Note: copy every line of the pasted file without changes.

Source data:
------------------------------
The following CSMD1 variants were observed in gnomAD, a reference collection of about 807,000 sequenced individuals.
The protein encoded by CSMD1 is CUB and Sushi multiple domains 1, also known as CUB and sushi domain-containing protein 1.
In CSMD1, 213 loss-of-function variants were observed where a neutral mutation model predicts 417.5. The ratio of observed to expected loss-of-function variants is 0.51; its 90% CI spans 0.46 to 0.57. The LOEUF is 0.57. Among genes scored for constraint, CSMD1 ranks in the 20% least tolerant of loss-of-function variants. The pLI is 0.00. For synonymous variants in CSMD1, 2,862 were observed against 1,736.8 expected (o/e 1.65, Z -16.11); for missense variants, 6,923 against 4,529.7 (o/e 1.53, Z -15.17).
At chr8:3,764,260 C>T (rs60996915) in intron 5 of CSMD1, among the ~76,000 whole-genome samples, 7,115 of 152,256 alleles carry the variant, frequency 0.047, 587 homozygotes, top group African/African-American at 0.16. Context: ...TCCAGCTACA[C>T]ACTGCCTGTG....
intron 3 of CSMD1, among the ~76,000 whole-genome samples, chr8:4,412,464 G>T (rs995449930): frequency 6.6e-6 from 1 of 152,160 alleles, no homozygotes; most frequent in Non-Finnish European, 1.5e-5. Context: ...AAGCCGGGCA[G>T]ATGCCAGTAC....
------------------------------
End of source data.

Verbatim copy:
The following CSMD1 variants were observed in gnomAD, a reference collection of about 807,000 sequenced individuals.
The protein encoded by CSMD1 is CUB and Sushi multiple domains 1, also known as CUB and sushi domain-containing protein 1.
In CSMD1, 213 loss-of-function variants were observed where a neutral mutation model predicts 417.5. The ratio of observed to expected loss-of-function variants is 0.51; its 90% CI spans 0.46 to 0.57. The LOEUF is 0.57. Among genes scored for constraint, CSMD1 ranks in the 20% least tolerant of loss-of-function variants. The pLI is 0.00. For synonymous variants in CSMD1, 2,862 were observed against 1,736.8 expected (o/e 1.65, Z -16.11); for missense variants, 6,923 against 4,529.7 (o/e 1.53, Z -15.17).
At chr8:3,764,260 C>T (rs60996915) in intron 5 of CSMD1, among the ~76,000 whole-genome samples, 7,115 of 152,256 alleles carry the variant, frequency 0.047, 587 homozygotes, top group African/African-American at 0.16. Context: ...TCCAGCTACA[C>T]ACTGCCTGTG....
intron 3 of CSMD1, among the ~76,000 whole-genome samples, chr8:4,412,464 G>T (rs995449930): frequency 6.6e-6 from 1 of 152,160 alleles, no homozygotes; most frequent in Non-Finnish European, 1.5e-5. Context: ...AAGCCGGGCA[G>T]ATGCCAGTAC....